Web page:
Editorial : Fabulous Fourth
The glorious national birthday we celebrate Saturday invites us to drop our guard against the off-Island world and to consider the marvelous connections we have with the vast palette of Americans, quite a few of whom have chosen to celebrate their independence here with us.
Here, the Fourth is a grand, old-time celebration, and in keeping with the Vineyard's stubborn adherence in most things to revered past practice, whether for good or ill, we shall celebrate it in the ways we always have.
There will be barbecues and fireworks and beach picnics and relatives, and there will be the parade in Edgartown - little changed over the years, wonderfully down to earth - expressive not just of the town which is the county seat, but of the Vineyard as a whole. And visitors, as well as residents, will line the route to smile at the simplicity of it, the silliness of it, the unspectacular and authentic character of a community which knows what it means to be free and values its independence above all.
The first celebration of Independence Day occurred in Philadelphia in July 1777, a year after the "Unanimous Declaration of the Thirteen United States of America" was adopted by the Second Continental Congress. Then, there was enormous fear and uncertainty among Americans, similar perhaps to our uneasiness today. Then, there was also brave determination to realize the promise and challenge set forth in the Declaration of Independence of one year earlier. The precepts so eloquently and unequivocally set forth in the galvanizing words of the Declaration are today, nearly two and a half centuries later, are all that we are about as a nation. They say what we are, all that we are, and Saturday we celebrate them once more.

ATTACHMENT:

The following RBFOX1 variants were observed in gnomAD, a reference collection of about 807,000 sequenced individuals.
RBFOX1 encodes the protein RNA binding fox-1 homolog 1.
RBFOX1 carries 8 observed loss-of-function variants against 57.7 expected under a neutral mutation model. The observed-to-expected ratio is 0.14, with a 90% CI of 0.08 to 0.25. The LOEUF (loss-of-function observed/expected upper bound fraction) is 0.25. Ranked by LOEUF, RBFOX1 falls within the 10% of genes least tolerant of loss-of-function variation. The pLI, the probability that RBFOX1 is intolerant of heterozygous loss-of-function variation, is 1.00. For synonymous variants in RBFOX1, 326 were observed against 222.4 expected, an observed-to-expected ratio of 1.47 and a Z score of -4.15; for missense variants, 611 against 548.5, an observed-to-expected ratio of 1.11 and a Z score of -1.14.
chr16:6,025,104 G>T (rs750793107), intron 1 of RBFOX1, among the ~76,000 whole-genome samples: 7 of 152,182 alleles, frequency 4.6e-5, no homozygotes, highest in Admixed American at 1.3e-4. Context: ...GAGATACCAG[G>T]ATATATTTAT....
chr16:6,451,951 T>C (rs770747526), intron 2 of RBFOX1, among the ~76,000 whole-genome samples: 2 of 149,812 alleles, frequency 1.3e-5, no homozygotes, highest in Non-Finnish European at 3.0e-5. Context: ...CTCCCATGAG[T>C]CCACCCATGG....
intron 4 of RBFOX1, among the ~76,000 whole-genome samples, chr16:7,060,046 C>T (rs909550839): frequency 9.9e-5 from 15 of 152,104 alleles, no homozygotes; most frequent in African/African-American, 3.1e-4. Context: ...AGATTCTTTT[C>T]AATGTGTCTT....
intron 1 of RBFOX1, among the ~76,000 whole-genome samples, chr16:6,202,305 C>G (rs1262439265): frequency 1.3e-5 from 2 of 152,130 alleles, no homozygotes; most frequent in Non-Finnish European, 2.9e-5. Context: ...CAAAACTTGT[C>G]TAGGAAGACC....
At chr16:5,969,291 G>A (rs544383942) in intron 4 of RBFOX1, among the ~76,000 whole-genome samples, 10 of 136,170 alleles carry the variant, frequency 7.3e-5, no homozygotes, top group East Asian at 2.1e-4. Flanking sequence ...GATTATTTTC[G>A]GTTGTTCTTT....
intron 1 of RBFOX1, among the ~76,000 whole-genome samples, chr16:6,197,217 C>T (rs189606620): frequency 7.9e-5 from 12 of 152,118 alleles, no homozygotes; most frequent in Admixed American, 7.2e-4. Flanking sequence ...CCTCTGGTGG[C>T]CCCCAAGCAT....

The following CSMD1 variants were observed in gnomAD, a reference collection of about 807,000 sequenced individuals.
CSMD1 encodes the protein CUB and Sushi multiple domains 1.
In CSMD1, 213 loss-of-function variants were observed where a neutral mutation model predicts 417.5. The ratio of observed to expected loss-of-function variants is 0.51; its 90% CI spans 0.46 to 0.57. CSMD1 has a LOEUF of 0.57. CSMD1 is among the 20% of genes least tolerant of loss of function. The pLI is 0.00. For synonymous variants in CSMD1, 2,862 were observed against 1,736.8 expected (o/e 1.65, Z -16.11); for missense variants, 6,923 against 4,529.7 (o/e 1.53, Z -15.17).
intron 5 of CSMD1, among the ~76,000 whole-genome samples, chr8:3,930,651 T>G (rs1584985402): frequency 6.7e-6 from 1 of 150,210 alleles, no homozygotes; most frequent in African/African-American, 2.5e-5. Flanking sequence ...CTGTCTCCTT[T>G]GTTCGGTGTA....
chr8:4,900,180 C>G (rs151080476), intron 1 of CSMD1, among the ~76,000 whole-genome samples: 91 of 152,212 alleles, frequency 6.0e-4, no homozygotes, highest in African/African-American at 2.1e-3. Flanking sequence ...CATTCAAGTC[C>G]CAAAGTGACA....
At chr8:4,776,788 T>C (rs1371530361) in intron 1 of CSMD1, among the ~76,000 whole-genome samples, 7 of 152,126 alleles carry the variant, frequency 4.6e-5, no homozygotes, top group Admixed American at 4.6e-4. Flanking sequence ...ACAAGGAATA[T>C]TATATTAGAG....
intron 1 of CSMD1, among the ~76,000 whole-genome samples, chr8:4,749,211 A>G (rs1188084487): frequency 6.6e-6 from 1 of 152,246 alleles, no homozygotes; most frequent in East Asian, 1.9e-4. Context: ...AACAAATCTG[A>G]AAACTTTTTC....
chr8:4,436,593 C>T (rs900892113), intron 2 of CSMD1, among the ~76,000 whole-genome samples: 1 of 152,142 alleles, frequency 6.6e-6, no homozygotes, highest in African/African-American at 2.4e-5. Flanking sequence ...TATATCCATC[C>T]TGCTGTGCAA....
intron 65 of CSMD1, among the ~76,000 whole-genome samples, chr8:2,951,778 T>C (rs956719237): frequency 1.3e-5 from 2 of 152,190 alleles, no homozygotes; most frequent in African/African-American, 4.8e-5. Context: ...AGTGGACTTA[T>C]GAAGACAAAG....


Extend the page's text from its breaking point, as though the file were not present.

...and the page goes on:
Many of our fellow celebrants will be strangers, from far-off New York or Boston, or even L. A. Their customs will not always comport with our own. We will puzzle them, and they will have us waggling our heads in wonder and disbelief. At such moments, it will do no harm to remember, and may do a very great deal of good, that they and we, different as we may be, are all children of the Declaration. What the Declaration means to us, it means to them.
The July Fourth celebration became, after the end of the War of 1812, the nation's greatest secular holiday. And it remains so: noisy, happy, lively, unrestrained, a moment at early summer when Islanders, one hopes, drop their customary seasonal back-off attitude and instead say welcome.